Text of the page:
Talking wetland solutions with agriculture professionals

There’s an old misconception that wetlands and farms can’t coexist—that it’s not possible to have both. Wisconsin Wetlands Association doesn’t buy this myth and is working hard not only to dispel the myth but also to collaborate with farmers and others in the agricultural community to explore how wetlands can be assets to farmers and their communities.

Recently, WWA teamed up with Discovery Farms, part of the University of Wisconsin-Madison Division of Extension, to advance this work. Discovery Farms is a farmer-led research and outreach program focused on the relationship between agriculture and water quality. In March, Discovery Farms hosted an “Unmasking Misconceptions” webinar series and invited WWA to present a two-part session on wetlands.

WWA’s webinars covered wetland basics, including how wetlands benefit our waters and communities, and focused on ways wetlands can help resolve both on-farm and watershed-scale water challenges. The second presentation highlighted a series of questions agricultural landowners (and the consultant professionals working with them) can ask to understand whether, how, and where wetlands might offer solutions to water-related challenges on their land and in their watershed, namely:

  • Where is my farm located in the watershed – upper, middle, lower?
  • Where does the water on my farm and watershed come from?
  • How has the way my water moves changed (both recently and in the more distant past)?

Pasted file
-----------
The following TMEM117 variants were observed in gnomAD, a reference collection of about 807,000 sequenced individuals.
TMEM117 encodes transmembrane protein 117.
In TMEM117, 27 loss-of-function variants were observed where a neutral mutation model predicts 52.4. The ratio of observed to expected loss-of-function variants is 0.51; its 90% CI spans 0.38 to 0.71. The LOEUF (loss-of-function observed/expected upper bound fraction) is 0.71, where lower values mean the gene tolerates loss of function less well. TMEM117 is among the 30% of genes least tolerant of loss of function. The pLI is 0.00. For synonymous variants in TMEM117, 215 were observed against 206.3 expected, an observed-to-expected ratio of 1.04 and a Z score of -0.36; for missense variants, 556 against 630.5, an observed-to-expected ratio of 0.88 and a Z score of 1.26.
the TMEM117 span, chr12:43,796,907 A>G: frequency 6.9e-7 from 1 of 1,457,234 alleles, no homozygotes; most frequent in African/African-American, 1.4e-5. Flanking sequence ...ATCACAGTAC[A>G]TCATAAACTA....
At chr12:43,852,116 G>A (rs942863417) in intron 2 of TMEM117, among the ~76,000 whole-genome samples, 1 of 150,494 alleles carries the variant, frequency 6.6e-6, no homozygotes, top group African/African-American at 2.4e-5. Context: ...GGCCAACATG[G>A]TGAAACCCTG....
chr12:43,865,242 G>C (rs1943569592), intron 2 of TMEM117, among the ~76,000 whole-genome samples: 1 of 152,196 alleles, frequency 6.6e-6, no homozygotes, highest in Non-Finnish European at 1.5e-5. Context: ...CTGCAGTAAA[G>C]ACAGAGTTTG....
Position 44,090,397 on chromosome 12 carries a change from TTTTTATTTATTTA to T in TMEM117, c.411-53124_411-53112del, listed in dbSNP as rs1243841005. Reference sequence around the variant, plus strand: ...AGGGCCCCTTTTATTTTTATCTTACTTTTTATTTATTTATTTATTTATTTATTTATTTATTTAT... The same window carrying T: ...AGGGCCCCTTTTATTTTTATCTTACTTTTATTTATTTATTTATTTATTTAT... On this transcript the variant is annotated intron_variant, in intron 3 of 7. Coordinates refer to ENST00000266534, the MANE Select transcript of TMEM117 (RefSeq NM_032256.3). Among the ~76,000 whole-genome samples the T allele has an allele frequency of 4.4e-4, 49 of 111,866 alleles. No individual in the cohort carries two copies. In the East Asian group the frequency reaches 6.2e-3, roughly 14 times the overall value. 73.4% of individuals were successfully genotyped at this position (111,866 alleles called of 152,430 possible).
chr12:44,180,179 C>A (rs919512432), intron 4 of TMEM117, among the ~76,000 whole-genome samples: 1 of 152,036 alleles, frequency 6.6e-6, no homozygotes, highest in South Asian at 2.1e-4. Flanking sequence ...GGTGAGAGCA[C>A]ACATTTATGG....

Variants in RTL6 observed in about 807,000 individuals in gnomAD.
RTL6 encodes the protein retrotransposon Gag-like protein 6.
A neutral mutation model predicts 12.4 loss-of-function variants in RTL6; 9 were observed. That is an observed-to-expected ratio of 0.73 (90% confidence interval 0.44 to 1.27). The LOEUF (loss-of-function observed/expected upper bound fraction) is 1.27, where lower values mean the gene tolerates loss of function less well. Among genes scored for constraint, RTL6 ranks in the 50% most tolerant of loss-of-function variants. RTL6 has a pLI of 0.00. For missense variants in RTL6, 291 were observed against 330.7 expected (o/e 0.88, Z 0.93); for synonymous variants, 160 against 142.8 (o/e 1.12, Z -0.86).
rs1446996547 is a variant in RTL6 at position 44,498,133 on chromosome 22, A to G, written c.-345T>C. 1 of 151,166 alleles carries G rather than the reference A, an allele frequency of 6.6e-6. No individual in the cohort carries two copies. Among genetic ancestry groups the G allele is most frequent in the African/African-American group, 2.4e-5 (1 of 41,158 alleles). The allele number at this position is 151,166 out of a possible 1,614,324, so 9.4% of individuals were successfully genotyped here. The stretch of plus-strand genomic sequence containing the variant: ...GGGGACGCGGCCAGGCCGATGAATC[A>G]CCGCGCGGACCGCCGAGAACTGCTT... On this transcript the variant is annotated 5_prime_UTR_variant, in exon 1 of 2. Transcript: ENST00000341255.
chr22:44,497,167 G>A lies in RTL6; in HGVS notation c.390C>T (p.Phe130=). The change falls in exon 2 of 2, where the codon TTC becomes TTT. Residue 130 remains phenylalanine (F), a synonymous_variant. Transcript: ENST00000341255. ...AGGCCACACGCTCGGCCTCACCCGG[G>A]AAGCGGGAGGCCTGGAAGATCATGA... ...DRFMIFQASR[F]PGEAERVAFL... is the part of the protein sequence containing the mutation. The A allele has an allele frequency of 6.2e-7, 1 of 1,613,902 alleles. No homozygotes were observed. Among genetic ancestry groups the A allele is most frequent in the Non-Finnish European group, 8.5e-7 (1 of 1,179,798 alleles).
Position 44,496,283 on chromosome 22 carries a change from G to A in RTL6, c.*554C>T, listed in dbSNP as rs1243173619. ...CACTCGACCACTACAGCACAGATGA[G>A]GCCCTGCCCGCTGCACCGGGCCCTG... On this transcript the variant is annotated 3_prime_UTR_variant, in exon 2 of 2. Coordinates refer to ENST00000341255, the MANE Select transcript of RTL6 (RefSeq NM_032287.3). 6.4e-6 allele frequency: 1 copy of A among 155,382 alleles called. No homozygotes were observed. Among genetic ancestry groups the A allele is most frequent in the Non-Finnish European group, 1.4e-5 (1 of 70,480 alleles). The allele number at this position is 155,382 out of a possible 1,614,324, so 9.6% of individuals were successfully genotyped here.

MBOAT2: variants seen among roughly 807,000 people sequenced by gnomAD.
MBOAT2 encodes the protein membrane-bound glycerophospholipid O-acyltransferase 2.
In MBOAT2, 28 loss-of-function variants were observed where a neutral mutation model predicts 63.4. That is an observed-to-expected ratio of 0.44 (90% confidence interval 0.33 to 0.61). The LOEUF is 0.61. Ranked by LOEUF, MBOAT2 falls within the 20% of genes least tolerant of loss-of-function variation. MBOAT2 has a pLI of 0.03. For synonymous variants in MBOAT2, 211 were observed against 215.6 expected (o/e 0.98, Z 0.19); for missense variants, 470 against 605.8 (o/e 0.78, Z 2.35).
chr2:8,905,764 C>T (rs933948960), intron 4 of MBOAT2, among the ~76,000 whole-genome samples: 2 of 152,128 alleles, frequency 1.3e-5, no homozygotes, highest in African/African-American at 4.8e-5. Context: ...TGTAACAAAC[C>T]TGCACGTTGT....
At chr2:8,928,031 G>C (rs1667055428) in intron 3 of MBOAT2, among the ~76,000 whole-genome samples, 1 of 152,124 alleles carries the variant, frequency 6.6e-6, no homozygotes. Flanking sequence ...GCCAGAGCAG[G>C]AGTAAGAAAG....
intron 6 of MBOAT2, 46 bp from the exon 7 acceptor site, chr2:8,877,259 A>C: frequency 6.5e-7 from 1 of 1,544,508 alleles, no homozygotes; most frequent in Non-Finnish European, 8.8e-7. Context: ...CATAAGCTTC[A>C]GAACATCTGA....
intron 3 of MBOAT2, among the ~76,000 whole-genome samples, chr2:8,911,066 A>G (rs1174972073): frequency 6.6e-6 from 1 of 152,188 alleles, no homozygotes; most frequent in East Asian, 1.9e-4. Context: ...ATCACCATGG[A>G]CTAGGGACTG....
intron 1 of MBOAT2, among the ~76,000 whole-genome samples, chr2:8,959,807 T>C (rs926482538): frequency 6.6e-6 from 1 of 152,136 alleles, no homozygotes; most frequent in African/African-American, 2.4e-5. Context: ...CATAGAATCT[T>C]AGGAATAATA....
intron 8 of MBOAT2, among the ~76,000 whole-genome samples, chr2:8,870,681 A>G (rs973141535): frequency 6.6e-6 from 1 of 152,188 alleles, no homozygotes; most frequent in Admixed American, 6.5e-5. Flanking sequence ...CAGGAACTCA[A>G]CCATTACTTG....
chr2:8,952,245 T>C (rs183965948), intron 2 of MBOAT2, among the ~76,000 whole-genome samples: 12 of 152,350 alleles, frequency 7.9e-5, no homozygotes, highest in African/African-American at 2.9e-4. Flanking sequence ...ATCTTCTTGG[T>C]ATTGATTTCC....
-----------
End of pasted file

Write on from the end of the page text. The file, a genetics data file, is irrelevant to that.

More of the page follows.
• What issues have resulted from those changes?
  • Where are current and former wetlands located?
  • How do I determine the right locations for incorporating wetlands as solutions?
  • What practices can I use to incorporate wetlands as solutions to my water issues?
  • What does it take to get a collaborative community-based watershed initiative started?

There is no recipe book for determining which on-farm practices are appropriate in any given situation. Instead, the unique conditions on each farm and site will determine which practices will be appropriate and effective. Some practices to consider include:

  • Increasing storage to keep water in upper watershed areas and at the top of drainage systems
  • Reducing erosion by arresting head-cutting in streams and adding wetlands in flat areas above grass swales
  • Installing groundwater recharge wetlands to capture runoff that otherwise would directly enter rivers, creeks, or lakes.
  • Installing wetland buffers at the bottom of cropped fields to help keep runoff from directly entering ditches and streams
  • Reconnecting rivers and streams with their floodplains

Water control structures, spillways, and rock grade control structures are all practices that can be effective in the right situations to achieve a landowner’s desired water management benefits. Managed grazing can also be a great practice in wetter areas that might be harder to manage for row crops.

Nearly 50 agricultural landowners, educators, and consultants attended each of two webinars, and the feedback following both webinars was very positive: participants expressed a high level of interest in learning more about wetlands that fit in well on a working farm or in an agricultural watershed. More than 68% of respondents indicated they would be interested in opportunities to see a practice on the ground in a similar operation. WWA will continue to collaborate with Discovery Farms to pursue opportunities for further interactions with crop consultants and other agriculture professionals.

View the webinars on the UW Discovery Farms’ YouTube channel:

Part I: The Role of wetlands in watersheds (55 mins)
Part II: Wetlands for on-farm water management (65 mins)

If you are a member of or work with an agricultural group that is interested in learning more about wetlands and how they can benefit farming operations, get in touch with WWA at

Photo by Tracy Hames.

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